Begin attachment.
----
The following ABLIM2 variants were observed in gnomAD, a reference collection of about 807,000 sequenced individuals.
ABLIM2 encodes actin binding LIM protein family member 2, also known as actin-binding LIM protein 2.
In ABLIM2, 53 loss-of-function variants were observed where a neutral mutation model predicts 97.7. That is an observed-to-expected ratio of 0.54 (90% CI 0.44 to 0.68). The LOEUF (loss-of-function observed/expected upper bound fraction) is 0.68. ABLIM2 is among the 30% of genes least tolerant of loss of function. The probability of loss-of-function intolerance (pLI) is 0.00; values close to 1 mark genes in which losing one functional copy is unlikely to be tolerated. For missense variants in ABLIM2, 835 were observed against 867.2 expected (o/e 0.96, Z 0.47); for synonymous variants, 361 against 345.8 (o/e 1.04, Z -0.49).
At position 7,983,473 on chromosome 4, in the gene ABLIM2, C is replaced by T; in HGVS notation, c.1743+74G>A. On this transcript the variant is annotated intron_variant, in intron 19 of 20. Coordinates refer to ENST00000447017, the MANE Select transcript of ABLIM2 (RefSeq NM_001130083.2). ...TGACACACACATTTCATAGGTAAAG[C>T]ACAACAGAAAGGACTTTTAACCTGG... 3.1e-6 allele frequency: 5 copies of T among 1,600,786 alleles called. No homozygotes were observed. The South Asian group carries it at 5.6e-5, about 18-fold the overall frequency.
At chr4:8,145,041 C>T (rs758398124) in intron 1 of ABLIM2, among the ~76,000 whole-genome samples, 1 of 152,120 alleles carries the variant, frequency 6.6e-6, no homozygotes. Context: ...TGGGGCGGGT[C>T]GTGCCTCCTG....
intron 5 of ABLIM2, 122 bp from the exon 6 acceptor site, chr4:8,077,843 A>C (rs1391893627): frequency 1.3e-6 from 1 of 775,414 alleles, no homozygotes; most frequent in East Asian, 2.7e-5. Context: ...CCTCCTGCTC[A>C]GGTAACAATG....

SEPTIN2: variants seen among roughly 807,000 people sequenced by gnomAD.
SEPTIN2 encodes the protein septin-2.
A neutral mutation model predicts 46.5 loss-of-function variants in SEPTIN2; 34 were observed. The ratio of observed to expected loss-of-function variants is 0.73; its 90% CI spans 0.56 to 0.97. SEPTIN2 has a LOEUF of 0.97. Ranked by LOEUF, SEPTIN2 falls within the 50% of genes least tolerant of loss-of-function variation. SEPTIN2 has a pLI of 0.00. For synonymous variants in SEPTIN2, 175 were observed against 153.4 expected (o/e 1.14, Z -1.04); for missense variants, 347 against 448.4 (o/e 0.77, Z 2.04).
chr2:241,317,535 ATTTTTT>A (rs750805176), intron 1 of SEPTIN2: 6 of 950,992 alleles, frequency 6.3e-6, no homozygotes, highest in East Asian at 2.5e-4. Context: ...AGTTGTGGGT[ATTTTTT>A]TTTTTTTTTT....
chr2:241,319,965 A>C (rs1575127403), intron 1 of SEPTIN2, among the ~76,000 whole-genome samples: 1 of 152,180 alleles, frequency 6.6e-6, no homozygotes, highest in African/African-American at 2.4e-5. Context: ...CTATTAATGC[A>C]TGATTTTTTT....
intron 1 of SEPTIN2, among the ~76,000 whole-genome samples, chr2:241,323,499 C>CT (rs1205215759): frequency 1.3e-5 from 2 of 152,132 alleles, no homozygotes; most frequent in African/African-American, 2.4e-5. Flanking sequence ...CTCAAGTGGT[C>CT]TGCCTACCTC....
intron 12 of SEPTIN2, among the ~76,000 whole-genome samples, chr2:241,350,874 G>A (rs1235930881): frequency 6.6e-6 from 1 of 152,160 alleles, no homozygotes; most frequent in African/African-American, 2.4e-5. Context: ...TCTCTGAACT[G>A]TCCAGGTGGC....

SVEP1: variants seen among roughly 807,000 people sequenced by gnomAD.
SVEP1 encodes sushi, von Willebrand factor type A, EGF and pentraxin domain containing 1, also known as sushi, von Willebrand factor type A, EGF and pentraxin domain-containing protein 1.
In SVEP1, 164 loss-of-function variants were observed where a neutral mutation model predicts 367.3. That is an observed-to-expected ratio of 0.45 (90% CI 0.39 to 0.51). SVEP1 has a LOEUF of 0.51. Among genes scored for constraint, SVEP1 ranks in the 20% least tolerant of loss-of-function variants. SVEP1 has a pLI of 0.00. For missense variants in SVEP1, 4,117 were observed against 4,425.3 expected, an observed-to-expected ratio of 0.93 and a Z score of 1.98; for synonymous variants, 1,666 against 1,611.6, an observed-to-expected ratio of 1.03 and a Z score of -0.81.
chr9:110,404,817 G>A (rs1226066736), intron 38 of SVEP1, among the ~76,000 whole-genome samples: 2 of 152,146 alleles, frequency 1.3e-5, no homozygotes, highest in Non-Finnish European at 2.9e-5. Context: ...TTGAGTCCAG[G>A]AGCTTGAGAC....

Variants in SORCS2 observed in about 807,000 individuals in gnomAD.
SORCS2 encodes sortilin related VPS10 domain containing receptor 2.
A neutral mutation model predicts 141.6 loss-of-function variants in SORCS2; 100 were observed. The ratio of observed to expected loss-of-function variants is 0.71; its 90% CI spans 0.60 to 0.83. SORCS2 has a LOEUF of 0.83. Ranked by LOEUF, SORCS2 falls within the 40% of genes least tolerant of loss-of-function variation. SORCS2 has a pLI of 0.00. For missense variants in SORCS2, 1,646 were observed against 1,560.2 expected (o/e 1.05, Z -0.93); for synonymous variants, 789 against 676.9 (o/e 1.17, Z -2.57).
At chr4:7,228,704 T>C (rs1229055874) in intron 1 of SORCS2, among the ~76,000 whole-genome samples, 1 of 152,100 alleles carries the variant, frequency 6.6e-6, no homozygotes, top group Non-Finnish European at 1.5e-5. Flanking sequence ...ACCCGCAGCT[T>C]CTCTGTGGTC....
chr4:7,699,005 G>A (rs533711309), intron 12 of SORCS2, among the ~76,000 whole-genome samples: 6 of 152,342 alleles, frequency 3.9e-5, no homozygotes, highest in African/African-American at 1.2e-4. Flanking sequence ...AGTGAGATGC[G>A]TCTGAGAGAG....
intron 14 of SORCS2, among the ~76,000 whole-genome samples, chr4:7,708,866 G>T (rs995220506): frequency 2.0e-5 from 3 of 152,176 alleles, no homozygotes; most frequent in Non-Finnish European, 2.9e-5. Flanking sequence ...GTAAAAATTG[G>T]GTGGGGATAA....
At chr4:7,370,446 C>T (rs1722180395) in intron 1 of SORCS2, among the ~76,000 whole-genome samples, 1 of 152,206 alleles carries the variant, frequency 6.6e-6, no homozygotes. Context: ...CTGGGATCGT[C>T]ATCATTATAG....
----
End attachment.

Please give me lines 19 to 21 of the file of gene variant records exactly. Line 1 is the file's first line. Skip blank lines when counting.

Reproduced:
SORCS2 encodes sortilin related VPS10 domain containing receptor 2.
A neutral mutation model predicts 141.6 loss-of-function variants in SORCS2; 100 were observed. The ratio of observed to expected loss-of-function variants is 0.71; its 90% CI spans 0.60 to 0.83. SORCS2 has a LOEUF of 0.83. Ranked by LOEUF, SORCS2 falls within the 40% of genes least tolerant of loss-of-function variation. SORCS2 has a pLI of 0.00. For missense variants in SORCS2, 1,646 were observed against 1,560.2 expected (o/e 1.05, Z -0.93); for synonymous variants, 789 against 676.9 (o/e 1.17, Z -2.57).
At chr4:7,228,704 T>C (rs1229055874) in intron 1 of SORCS2, among the ~76,000 whole-genome samples, 1 of 152,100 alleles carries the variant, frequency 6.6e-6, no homozygotes, top group Non-Finnish European at 1.5e-5. Flanking sequence ...ACCCGCAGCT[T>C]CTCTGTGGTC....